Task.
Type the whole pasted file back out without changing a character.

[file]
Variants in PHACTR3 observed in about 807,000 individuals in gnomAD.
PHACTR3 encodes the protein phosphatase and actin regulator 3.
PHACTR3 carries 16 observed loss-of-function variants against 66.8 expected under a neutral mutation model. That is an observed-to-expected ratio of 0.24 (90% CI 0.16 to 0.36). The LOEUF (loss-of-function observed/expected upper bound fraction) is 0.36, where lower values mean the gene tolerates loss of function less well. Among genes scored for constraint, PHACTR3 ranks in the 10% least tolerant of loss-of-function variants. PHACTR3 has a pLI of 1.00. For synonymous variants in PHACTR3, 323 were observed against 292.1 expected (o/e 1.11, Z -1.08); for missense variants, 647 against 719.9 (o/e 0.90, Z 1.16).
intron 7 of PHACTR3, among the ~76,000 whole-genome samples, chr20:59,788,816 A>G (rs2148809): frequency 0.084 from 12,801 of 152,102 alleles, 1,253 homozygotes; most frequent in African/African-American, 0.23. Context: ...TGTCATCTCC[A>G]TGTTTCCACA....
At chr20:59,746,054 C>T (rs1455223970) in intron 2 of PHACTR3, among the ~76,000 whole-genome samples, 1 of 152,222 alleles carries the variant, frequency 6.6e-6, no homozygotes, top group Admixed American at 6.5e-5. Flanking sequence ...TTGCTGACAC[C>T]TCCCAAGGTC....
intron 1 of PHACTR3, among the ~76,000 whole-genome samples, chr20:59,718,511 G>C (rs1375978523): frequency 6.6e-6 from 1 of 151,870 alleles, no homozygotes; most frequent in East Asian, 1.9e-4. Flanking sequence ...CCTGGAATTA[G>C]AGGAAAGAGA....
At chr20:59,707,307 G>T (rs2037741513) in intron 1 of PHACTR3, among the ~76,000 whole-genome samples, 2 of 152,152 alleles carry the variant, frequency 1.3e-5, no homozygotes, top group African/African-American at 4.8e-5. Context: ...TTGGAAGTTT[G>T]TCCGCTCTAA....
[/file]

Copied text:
Variants in PHACTR3 observed in about 807,000 individuals in gnomAD.
PHACTR3 encodes the protein phosphatase and actin regulator 3.
PHACTR3 carries 16 observed loss-of-function variants against 66.8 expected under a neutral mutation model. That is an observed-to-expected ratio of 0.24 (90% CI 0.16 to 0.36). The LOEUF (loss-of-function observed/expected upper bound fraction) is 0.36, where lower values mean the gene tolerates loss of function less well. Among genes scored for constraint, PHACTR3 ranks in the 10% least tolerant of loss-of-function variants. PHACTR3 has a pLI of 1.00. For synonymous variants in PHACTR3, 323 were observed against 292.1 expected (o/e 1.11, Z -1.08); for missense variants, 647 against 719.9 (o/e 0.90, Z 1.16).
intron 7 of PHACTR3, among the ~76,000 whole-genome samples, chr20:59,788,816 A>G (rs2148809): frequency 0.084 from 12,801 of 152,102 alleles, 1,253 homozygotes; most frequent in African/African-American, 0.23. Context: ...TGTCATCTCC[A>G]TGTTTCCACA....
At chr20:59,746,054 C>T (rs1455223970) in intron 2 of PHACTR3, among the ~76,000 whole-genome samples, 1 of 152,222 alleles carries the variant, frequency 6.6e-6, no homozygotes, top group Admixed American at 6.5e-5. Flanking sequence ...TTGCTGACAC[C>T]TCCCAAGGTC....
intron 1 of PHACTR3, among the ~76,000 whole-genome samples, chr20:59,718,511 G>C (rs1375978523): frequency 6.6e-6 from 1 of 151,870 alleles, no homozygotes; most frequent in East Asian, 1.9e-4. Flanking sequence ...CCTGGAATTA[G>C]AGGAAAGAGA....
At chr20:59,707,307 G>T (rs2037741513) in intron 1 of PHACTR3, among the ~76,000 whole-genome samples, 2 of 152,152 alleles carry the variant, frequency 1.3e-5, no homozygotes, top group African/African-American at 4.8e-5. Context: ...TTGGAAGTTT[G>T]TCCGCTCTAA....